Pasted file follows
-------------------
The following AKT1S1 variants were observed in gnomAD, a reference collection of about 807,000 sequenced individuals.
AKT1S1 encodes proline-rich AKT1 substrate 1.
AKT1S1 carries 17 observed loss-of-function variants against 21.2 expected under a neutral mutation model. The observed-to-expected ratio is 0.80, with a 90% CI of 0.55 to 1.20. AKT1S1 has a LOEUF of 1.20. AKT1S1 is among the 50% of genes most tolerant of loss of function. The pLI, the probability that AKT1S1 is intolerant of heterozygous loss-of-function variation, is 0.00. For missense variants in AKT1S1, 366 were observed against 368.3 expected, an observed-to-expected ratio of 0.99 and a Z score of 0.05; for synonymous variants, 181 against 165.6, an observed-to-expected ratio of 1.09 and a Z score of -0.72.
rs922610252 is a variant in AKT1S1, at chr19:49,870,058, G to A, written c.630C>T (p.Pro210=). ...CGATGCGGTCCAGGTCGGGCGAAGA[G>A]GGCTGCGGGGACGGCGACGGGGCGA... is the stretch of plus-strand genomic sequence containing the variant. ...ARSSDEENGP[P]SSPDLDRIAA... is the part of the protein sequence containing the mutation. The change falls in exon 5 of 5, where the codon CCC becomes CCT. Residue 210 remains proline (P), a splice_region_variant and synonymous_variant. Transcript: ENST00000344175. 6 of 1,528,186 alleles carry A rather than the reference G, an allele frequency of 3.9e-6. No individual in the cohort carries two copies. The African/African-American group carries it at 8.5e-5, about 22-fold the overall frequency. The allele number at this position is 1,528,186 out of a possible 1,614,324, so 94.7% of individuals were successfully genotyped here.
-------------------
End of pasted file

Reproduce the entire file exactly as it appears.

The following AKT1S1 variants were observed in gnomAD, a reference collection of about 807,000 sequenced individuals.
AKT1S1 encodes proline-rich AKT1 substrate 1.
AKT1S1 carries 17 observed loss-of-function variants against 21.2 expected under a neutral mutation model. The observed-to-expected ratio is 0.80, with a 90% CI of 0.55 to 1.20. AKT1S1 has a LOEUF of 1.20. AKT1S1 is among the 50% of genes most tolerant of loss of function. The pLI, the probability that AKT1S1 is intolerant of heterozygous loss-of-function variation, is 0.00. For missense variants in AKT1S1, 366 were observed against 368.3 expected, an observed-to-expected ratio of 0.99 and a Z score of 0.05; for synonymous variants, 181 against 165.6, an observed-to-expected ratio of 1.09 and a Z score of -0.72.
rs922610252 is a variant in AKT1S1, at chr19:49,870,058, G to A, written c.630C>T (p.Pro210=). ...CGATGCGGTCCAGGTCGGGCGAAGA[G>A]GGCTGCGGGGACGGCGACGGGGCGA... is the stretch of plus-strand genomic sequence containing the variant. ...ARSSDEENGP[P]SSPDLDRIAA... is the part of the protein sequence containing the mutation. The change falls in exon 5 of 5, where the codon CCC becomes CCT. Residue 210 remains proline (P), a splice_region_variant and synonymous_variant. Transcript: ENST00000344175. 6 of 1,528,186 alleles carry A rather than the reference G, an allele frequency of 3.9e-6. No individual in the cohort carries two copies. The African/African-American group carries it at 8.5e-5, about 22-fold the overall frequency. The allele number at this position is 1,528,186 out of a possible 1,614,324, so 94.7% of individuals were successfully genotyped here.